Credit: Emma Garcia Melchor

Show us the money

By Rachel Campbell

As the coronavirus pandemic leaves hospitality and retail work hard to come by, more needs to be done to help working-class students weigh the cost of university.

It was recently announced that the UK has plunged into the worst recession on record, following the effects of the coronavirus pandemic on the economy. As companies paddle to try and stay afloat, many people have lost their jobs as a result. In a report by the BBC, it was revealed that young people are the most likely to have been made redundant or to have their income fall due to the economic effects of the lockdown in the UK. For those returning to university this semester, the question is: how will those who rely on part-time jobs to supplement their student loans cope when that part-time work is hard to come by?

Even as those who have been furloughed during the pandemic return to their jobs in retail or service, they are often working fewer hours than before. Bars have had their maximum capacity reduced to as little as half of what they once served, and many shops are still not back to their normal opening hours. With students often turning to these industries for part-time work that fits in with their studies, it is clear some will struggle to make the same amount of money they earned in previous years. Students will be hard-pressed to find local work to supplement their income, meaning universities risk losing those students who may be unable to afford standard living costs.

Of course, financial aid is available for students to help cover these costs, but with rent prices rising in Glasgow’s West End, those who don’t have the luxury of being financially supported by family have to turn to part-time work to keep a roof over their heads. Glasgow University’s hardship fund could help some, as it allows students registered on full degree programmes to request support towards basic living costs and unforeseen accommodation, subsistence, travel, and technology costs due to the pandemic. However, as this is a limited, one-off emergency support and the future of the economy is still unclear, it isn’t a long-term solution for those who need jobs that simply aren’t there right now.

This will disproportionately affect working-class students. It is simple, those who can afford rent, travel expenses, living costs, and essential books and materials, without needing to work part-time, will carry on as normal. Those who cannot will be forced to drop out. If you’re under the impression that elitism at university is a thing of the past, I’m sorry to say it is alive and kicking. You only have to look at the SQA and the later A-level results scandals for that. Granted the Scottish and UK governments have backtracked on those now, but the fact it happened at all proves the point: university is still seen as something for those with money, those born into the “right” class.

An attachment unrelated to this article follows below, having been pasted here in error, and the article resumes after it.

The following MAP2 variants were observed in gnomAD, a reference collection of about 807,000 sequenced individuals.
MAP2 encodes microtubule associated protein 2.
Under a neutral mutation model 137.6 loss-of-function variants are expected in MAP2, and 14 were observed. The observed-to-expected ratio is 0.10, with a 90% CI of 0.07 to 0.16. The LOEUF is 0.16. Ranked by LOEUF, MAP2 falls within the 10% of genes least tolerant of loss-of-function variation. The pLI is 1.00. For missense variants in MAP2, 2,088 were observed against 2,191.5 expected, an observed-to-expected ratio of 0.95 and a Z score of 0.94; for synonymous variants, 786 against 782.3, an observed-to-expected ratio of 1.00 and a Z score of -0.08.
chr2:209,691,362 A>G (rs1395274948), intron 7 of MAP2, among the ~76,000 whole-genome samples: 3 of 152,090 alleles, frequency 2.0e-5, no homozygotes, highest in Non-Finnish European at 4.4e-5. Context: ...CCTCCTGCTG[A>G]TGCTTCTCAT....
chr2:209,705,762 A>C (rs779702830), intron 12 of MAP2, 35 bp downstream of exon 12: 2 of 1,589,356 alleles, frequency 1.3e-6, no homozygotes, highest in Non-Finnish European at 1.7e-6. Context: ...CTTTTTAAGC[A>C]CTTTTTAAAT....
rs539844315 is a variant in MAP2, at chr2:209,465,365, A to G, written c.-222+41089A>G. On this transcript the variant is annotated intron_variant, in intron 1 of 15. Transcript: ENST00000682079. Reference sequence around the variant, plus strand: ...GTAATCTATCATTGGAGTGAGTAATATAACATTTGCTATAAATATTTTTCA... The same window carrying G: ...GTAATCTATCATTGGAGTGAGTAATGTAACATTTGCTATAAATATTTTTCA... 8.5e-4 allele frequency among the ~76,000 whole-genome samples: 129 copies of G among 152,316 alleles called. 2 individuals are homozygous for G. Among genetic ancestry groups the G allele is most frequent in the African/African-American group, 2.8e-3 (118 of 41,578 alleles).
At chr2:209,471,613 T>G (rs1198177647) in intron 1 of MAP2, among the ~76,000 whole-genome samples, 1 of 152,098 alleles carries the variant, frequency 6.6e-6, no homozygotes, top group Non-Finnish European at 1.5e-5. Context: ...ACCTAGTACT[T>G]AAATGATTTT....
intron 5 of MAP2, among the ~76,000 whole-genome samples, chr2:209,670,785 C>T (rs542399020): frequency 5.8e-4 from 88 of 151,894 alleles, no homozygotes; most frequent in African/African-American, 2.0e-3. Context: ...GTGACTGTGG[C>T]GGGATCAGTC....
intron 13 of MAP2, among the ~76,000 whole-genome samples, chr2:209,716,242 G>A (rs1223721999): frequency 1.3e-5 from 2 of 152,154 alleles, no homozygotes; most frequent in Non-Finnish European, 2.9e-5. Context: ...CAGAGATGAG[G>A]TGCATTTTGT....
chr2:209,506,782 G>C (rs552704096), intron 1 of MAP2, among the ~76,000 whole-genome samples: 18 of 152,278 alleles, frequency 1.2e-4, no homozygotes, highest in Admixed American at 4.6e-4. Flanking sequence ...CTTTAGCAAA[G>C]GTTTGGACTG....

Part-time jobs have for some time separated those at university along class lines. A 2005 survey by London South Bank University showed that students who work 16 hours a week and over were 40% less likely to achieve a 2:1 or above compared to their peers who don’t work during term-time. If you had the ability not to work whilst studying at all, you were already at an advantage even before this recession, with more time to study and take on the extracurricular activities and internships needed to pad out our CVs as we graduate. If you exit university with four years in retail when you want to go into accounting, it’s hard to compete with those who didn’t have to boost their income and could streamline their studies or afford to do unpaid experience.

Additionally, the effects of this recession on students’ mental health should not be ignored. Some who have previously relied on part-time work may be able to cope for a few months using their student loan and savings, but constantly worrying about whether you’ll be financially able to finish your degree if the jobs don’t reappear soon is burdensome on anyone. In a 2018 survey by, 46% of students said that money troubles at university adversely affected their mental health, and 78% of students said they worried about making ends meet while they studied.

Many of this may be down to the lack of information that is made available before we enter higher education regarding how to manage finances and what help is available. The Independent reported in 2019 that many students were turning to loan sharks and pay-day loans after being caught off-guard by mandatory costs throughout the academic year that weren’t specified before the course began. This is yet another example of universities assuming that every student has the same financial capabilities, which simply isn’t true. Students need to be aware of their options financially and the real costs that the academic year will hold before they’re catapulted into it. 


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